So there’s this boy. He takes a detour on the way home, holds my hand across the blustery parking lot and into our favorite restaurant. A table for two is requested, and we wait, sidled up next to each other on the bench in the entry. Phones are pocketed. Not many words are spoken; we keep company with one another and that is enough. Our name is called, we are taken to our table. Two waters come in jars, like the ones we keep at home. We order, we wait, we watch each pizza brought out with mouth watering anticipation. At last ours come. We discuss the toping choice – it was a good experiment even if it wasn’t our favorite on the menu. We laugh as the surprisingly spicy peppers make our eyes water and brow sweat. Our eyes lock in a smile. I love the way his dimples crease. The last piece is his. He eats most of it and hands the crust to me. He knows I think the point of eating pizza is getting to the crust. I douse it in honey, smiling at him from across the table, savoring every bite. His unconditional love manifests itself in crust. He holds out a small, ordinary treasure to me because he treasures me. And I can’t help but falling further in love.
The alarm goes off much too early, bidding us out of our cozy blankets and into the world that the day holds open to us. I scootch myself off the end of the bed, pour the coffee and let the hot drink warm my insides as it goes down. I head back to the bedroom for him. He’s hiding under the blanket, unaware of the obnoxious wake up songs I’m singing. He begins to stir, we cuddle, we share our dreams – both the ones we had during the night and those for the day ahead. “I love you,” we call out to each other while getting ready. Because in these sleepy mornings that’s what we’re thinking of. Eggs are scrambled, lunches packed, shoes tied. I hand him his keys, he kisses me goodbye. I close the door after him, already excited for the evening when he’ll return.
We sit beside each other on the piano bench. “What do you think about this piece?” he asks. “Maybe not that one, I think your choir will like this one though,” I respond. “At least I like it.” He hands me a stack of papers to grade, we take our red pens and figure out how much each question is worth. He plays soccer with the kids I nanny. I come to his rehearsals at the end of the day to run the music. Our jobs are intertwined with each other because our souls are also intertwined.
“On my way home,” he texts me. I can always count on him to be there when he says he will. The table is set, I pour him a glass of milk and pull the dinner out of the oven as he walks in. “This is really good,” he says – no matter what the food is, even if we’ve had twice already that week, even if the rice is slightly crunchy. We share the day’s events– uneventful or not – and we listen and we care. All these small details matter to us because we matter to us.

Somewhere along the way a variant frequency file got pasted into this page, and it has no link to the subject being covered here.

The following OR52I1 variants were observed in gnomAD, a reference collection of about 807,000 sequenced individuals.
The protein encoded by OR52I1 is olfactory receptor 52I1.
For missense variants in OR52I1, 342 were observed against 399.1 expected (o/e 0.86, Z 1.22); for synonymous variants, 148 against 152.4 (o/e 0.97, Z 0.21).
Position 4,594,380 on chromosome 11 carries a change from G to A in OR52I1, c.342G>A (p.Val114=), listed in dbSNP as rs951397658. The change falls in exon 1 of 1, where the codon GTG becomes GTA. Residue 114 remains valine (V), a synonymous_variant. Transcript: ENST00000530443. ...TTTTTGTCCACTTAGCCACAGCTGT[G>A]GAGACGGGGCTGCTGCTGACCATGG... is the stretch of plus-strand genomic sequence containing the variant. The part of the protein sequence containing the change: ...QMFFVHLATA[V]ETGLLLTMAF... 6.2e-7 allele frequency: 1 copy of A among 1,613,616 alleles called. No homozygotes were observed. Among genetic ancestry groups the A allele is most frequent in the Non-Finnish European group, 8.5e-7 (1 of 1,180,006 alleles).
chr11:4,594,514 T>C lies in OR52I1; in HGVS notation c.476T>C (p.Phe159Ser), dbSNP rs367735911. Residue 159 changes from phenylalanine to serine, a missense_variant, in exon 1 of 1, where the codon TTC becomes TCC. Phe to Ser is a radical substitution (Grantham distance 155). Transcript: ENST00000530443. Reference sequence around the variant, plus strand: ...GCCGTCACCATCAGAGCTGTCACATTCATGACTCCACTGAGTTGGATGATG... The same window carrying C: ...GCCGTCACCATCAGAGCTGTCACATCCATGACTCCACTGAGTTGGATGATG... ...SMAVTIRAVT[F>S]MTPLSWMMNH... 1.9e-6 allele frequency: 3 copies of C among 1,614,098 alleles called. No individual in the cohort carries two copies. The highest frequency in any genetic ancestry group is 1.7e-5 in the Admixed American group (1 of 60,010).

I wipe the crumbs off the counters. He pulls out his drill and hangs up a curtain I’ve been meaning to put up for months. I fold his clothes, and sort our socks. Our lives, like our clothes, are mixed up together. He changes the oil in the van and fixes the break light on the jeep. I run to the grocery store and grab the staples – milk, cereal, coffee, bananas, cheese – that we are always running out of. We clean and care for and fix up and come back to the same house every night because we’ve made a home together.
Friday night comes. No rehearsals, no pressing work related tasks. “What should we do with this night to ourselves?” We put a frozen pizza in the oven and pick out a movie from redbox. He let’s me choose a chick flick, last week I let him choose an action movie. Our couch is folded out and we pull out the blankets and comfy clothes. Halfway through the movie I get up to put cookies in the oven. Before the movie is over we’ve eaten a dozen or two. It wasn’t a fancy night out, it wasn’t candlelit. The sweatpants I put on were certainly not sexy and it was simple. We were connected and together and so it was perfect.
We turn off the lamps in the livingroom. Teeth are brushed together, he teases me by chasing me around with his toothbrush – he knows I hate getting toothpaste anywhere but in my mouth. We fall into bed – sometimes exhausted and crabby, sometimes exhausted and silly. We grab our books and side by side read for our last few minutes of the day. My book falls out of my hands as my eyes droop, he turns off the light. I press up next to him, half asleep. “Goodnight,” “goodnight.” “I love you.” “Love you too.”
And when the morning comes again and we get up to another morning we’ll do it all over again. All of this day-to-day loving, that really has nothing to do with roses and poetry and chocolates and sleek black dresses, and everything to do with learning to love on the most ordinary days in the most ordinary of ways.